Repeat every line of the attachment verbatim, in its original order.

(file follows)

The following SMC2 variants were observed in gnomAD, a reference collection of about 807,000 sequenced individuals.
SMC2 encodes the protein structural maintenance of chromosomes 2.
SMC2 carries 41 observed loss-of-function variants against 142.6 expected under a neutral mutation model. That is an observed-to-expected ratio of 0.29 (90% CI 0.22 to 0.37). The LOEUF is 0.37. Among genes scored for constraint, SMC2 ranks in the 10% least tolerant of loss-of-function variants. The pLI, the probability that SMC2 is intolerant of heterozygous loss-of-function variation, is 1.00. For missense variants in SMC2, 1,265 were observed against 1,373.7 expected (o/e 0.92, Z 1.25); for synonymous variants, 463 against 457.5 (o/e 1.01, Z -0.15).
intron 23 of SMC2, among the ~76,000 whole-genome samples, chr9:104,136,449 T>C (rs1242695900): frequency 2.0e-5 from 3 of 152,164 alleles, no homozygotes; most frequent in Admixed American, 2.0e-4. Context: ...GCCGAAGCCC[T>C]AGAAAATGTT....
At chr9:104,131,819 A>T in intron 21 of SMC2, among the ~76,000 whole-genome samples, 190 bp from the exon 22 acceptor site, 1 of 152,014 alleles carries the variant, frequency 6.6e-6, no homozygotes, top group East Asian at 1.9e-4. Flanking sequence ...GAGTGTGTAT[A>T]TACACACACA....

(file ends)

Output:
The following SMC2 variants were observed in gnomAD, a reference collection of about 807,000 sequenced individuals.
SMC2 encodes the protein structural maintenance of chromosomes 2.
SMC2 carries 41 observed loss-of-function variants against 142.6 expected under a neutral mutation model. That is an observed-to-expected ratio of 0.29 (90% CI 0.22 to 0.37). The LOEUF is 0.37. Among genes scored for constraint, SMC2 ranks in the 10% least tolerant of loss-of-function variants. The pLI, the probability that SMC2 is intolerant of heterozygous loss-of-function variation, is 1.00. For missense variants in SMC2, 1,265 were observed against 1,373.7 expected (o/e 0.92, Z 1.25); for synonymous variants, 463 against 457.5 (o/e 1.01, Z -0.15).
intron 23 of SMC2, among the ~76,000 whole-genome samples, chr9:104,136,449 T>C (rs1242695900): frequency 2.0e-5 from 3 of 152,164 alleles, no homozygotes; most frequent in Admixed American, 2.0e-4. Context: ...GCCGAAGCCC[T>C]AGAAAATGTT....
At chr9:104,131,819 A>T in intron 21 of SMC2, among the ~76,000 whole-genome samples, 190 bp from the exon 22 acceptor site, 1 of 152,014 alleles carries the variant, frequency 6.6e-6, no homozygotes, top group East Asian at 1.9e-4. Flanking sequence ...GAGTGTGTAT[A>T]TACACACACA....